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Letters | Dec 18, 1996
At God's Mercy
Perpetuating a Myth
Dec 18, 1996
The sub-human conditions in Kalahandi and Bolangir districts of Orissa indicate the Government’s apathy towards human suffering (At God’s Mercy, November 27). Despite the Green Revolution, household rations barely last three days out of 30 in these regions. Operation Flood, it was claimed, provided enough milk to flood the nation with milk and milk products. Yet, a kilo of curd costs Rs 30 and butter Rs 125. When half of the population lives below the poverty line and when people die for want of food, our so-called self-sufficiency in food becomes a bizarre myth.
Robin Rajan, Mumbai
Cleaning Up The Plague City
Dec 18, 1996
Kudos to S.R. Rao (Cleaning up the Plague City November 27), for transforming the filthy Surat into India’s second cleanest city within a short span of one year.
India needs more such courageous and efficient officials to clean up dirty cities like Chennai, Mumbai and Hyderabad. I hope other municipal commissioners will take a leaf out of Rao’s book.
Anil P. Bangalore
The Hand That Rocks The Congress
Nearing its End
Dec 18, 1996
Your cover story, The Hand That Rocks the Congress, (December 4), on the shenanigans in the 111-year-old Congress only proves that it is suffering from terminal illness and before long will fade into oblivion. The game of wooing the minorities is also unlikely to help rejuvenate it because now they have other suitors.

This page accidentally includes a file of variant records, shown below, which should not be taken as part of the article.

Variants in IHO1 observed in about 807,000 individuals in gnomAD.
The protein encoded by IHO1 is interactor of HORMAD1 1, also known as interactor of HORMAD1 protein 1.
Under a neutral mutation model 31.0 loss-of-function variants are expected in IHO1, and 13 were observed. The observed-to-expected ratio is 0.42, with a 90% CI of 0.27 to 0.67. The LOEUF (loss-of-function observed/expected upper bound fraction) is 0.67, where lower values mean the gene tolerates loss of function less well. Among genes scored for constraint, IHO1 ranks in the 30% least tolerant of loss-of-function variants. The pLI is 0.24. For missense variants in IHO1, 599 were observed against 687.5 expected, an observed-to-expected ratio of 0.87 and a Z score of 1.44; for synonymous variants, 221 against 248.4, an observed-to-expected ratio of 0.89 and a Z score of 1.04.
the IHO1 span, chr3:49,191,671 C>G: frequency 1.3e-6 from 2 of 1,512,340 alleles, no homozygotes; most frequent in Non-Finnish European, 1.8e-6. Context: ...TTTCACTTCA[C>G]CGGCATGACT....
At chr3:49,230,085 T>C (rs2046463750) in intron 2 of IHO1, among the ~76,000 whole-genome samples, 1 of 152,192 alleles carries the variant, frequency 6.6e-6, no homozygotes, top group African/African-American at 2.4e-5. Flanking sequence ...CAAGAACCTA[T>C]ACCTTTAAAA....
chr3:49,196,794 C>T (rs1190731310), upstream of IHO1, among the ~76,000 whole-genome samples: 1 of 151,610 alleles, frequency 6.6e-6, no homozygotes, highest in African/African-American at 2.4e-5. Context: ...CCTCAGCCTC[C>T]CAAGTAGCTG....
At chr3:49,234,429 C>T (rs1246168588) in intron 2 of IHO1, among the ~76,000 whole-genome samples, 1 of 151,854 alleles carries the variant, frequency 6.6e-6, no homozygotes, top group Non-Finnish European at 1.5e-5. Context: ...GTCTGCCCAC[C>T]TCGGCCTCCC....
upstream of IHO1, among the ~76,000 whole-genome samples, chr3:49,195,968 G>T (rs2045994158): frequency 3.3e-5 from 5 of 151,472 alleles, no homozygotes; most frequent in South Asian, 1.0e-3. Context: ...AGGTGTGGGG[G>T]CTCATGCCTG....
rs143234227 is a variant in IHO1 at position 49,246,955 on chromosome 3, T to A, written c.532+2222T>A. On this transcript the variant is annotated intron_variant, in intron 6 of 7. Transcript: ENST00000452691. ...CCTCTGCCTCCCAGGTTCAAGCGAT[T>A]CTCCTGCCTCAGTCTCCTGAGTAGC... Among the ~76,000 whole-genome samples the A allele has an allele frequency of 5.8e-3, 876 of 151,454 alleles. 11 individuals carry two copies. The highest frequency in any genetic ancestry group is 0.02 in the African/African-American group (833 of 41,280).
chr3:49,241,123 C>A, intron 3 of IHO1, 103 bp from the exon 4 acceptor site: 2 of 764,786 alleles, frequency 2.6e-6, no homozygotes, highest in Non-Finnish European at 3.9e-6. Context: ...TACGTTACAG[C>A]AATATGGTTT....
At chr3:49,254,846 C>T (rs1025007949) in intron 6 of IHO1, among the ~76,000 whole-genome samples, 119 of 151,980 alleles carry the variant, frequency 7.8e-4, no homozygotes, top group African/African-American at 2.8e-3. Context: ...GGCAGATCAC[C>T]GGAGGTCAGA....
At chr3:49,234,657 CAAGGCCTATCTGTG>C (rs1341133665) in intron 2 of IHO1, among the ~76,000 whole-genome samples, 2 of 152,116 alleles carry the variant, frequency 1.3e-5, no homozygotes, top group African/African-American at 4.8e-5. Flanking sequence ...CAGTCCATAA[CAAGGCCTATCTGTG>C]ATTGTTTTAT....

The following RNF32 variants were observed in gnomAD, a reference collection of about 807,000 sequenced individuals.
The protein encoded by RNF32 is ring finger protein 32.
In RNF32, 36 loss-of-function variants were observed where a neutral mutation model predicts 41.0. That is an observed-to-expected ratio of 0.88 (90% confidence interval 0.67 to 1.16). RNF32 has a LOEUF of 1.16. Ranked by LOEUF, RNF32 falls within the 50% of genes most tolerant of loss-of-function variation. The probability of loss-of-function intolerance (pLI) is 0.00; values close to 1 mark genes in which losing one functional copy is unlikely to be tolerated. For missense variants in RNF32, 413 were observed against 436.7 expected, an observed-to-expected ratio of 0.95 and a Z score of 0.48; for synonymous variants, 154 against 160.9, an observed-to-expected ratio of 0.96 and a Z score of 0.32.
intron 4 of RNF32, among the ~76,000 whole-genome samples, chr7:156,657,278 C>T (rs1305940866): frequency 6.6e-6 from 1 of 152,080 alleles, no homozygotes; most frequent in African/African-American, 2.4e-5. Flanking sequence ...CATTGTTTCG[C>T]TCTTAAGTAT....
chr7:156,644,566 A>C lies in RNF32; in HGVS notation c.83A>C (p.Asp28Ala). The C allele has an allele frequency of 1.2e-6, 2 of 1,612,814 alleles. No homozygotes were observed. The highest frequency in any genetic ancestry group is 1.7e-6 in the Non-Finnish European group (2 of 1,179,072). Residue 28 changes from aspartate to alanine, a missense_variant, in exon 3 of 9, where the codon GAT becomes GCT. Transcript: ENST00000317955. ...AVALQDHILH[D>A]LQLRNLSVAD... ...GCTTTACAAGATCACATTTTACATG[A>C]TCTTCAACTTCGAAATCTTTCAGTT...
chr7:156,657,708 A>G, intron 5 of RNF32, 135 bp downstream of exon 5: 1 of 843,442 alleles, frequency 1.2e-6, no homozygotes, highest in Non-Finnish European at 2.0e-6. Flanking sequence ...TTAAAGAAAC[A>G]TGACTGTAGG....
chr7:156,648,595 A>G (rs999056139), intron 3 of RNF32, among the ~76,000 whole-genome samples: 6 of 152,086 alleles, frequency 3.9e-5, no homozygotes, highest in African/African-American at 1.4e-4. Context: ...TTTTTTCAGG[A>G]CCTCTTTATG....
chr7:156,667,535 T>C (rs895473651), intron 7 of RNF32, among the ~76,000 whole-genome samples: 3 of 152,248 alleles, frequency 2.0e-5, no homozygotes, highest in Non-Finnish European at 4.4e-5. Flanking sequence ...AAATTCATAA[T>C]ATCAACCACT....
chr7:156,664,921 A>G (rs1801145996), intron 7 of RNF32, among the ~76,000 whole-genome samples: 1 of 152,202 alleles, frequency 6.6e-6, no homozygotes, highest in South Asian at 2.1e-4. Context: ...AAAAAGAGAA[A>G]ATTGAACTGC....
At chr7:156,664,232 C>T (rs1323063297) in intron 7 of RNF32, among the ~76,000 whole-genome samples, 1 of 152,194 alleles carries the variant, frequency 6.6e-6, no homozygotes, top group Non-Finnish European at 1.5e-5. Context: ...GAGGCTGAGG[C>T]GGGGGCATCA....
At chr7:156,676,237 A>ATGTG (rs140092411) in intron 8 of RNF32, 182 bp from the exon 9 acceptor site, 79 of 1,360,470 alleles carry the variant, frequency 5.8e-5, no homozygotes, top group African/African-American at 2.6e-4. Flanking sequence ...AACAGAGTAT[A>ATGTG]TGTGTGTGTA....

It is tragic that the two most senior leaders of the party—Narasimha Rao and Sitaram Kesri, who are well past their youth—have been waging a bitter battle for control over the party, instead of trying to revive it. Sonia Gandhi, an illustrious member of the Nehru-Gandhi family, as a trump card is unlikely to be of any material help.
Of course, it would gladden the hearts of Nehru-Gandhi loyalists.
V. Sagar, Delhi
What is Sonia up to? Or what is the psyche behind the Sonia mania? The Congress, almost buried under the debris of history, cannot be retrieved so easily by one person. Petty personal prejudices have virtually killed this party.
U.S. Iyer Bangalore
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